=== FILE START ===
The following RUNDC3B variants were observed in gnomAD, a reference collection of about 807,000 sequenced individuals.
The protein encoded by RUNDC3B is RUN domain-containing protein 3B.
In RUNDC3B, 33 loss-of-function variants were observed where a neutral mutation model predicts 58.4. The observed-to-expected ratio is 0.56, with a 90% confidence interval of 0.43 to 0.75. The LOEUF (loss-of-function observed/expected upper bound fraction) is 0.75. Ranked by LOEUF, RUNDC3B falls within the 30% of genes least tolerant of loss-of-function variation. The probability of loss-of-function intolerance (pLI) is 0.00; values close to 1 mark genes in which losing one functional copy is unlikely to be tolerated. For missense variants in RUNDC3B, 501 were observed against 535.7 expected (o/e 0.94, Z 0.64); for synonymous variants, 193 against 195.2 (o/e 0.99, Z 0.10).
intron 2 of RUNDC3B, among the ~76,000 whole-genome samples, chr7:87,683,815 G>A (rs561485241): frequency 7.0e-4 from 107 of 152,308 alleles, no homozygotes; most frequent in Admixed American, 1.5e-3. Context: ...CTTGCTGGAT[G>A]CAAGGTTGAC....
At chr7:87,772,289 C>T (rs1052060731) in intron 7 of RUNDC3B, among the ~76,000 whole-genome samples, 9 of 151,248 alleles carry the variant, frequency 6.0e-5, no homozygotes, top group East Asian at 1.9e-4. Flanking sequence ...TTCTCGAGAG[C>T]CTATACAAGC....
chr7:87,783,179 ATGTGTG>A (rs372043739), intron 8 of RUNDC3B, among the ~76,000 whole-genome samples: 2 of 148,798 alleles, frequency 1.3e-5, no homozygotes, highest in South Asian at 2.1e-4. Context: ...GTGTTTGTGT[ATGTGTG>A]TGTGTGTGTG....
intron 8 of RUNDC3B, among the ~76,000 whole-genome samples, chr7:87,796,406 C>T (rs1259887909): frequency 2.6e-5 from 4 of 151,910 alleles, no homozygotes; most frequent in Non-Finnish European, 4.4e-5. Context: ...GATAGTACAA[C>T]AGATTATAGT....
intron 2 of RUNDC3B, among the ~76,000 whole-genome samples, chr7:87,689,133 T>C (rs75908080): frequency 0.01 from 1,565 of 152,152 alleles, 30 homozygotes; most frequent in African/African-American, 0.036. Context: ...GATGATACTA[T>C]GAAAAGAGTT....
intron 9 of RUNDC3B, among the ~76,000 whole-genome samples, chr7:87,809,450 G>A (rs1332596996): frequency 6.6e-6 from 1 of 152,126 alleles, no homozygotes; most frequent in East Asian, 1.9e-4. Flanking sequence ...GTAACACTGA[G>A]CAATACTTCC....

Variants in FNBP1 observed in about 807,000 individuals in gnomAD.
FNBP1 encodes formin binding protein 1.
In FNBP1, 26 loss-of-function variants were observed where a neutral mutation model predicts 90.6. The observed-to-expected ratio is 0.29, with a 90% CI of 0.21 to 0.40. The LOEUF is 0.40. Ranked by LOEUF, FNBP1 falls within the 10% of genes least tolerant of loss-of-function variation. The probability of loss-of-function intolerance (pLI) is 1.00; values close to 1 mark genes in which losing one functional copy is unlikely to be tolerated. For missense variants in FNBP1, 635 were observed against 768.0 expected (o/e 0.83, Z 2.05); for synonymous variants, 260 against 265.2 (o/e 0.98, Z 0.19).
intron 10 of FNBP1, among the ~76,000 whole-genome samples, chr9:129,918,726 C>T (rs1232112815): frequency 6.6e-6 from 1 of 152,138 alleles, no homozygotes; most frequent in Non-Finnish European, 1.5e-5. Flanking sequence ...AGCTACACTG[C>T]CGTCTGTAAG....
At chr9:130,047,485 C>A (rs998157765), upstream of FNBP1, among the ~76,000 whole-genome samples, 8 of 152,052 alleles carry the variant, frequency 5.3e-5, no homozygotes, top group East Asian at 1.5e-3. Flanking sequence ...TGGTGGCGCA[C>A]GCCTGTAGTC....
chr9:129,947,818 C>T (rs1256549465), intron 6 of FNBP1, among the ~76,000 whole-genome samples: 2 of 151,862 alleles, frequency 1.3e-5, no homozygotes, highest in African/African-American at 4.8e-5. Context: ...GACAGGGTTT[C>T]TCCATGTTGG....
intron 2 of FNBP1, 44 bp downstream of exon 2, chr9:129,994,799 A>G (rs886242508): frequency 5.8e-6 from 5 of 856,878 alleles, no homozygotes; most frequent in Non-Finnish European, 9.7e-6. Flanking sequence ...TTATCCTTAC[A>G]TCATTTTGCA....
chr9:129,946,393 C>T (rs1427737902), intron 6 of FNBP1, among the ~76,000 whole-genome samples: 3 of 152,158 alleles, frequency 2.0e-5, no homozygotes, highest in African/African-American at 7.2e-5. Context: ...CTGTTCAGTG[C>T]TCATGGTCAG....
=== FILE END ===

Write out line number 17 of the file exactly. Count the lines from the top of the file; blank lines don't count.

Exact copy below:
chr9:129,946,393 C>T (rs1427737902), intron 6 of FNBP1, among the ~76,000 whole-genome samples: 3 of 152,158 alleles, frequency 2.0e-5, no homozygotes, highest in African/African-American at 7.2e-5. Context: ...CTGTTCAGTG[C>T]TCATGGTCAG....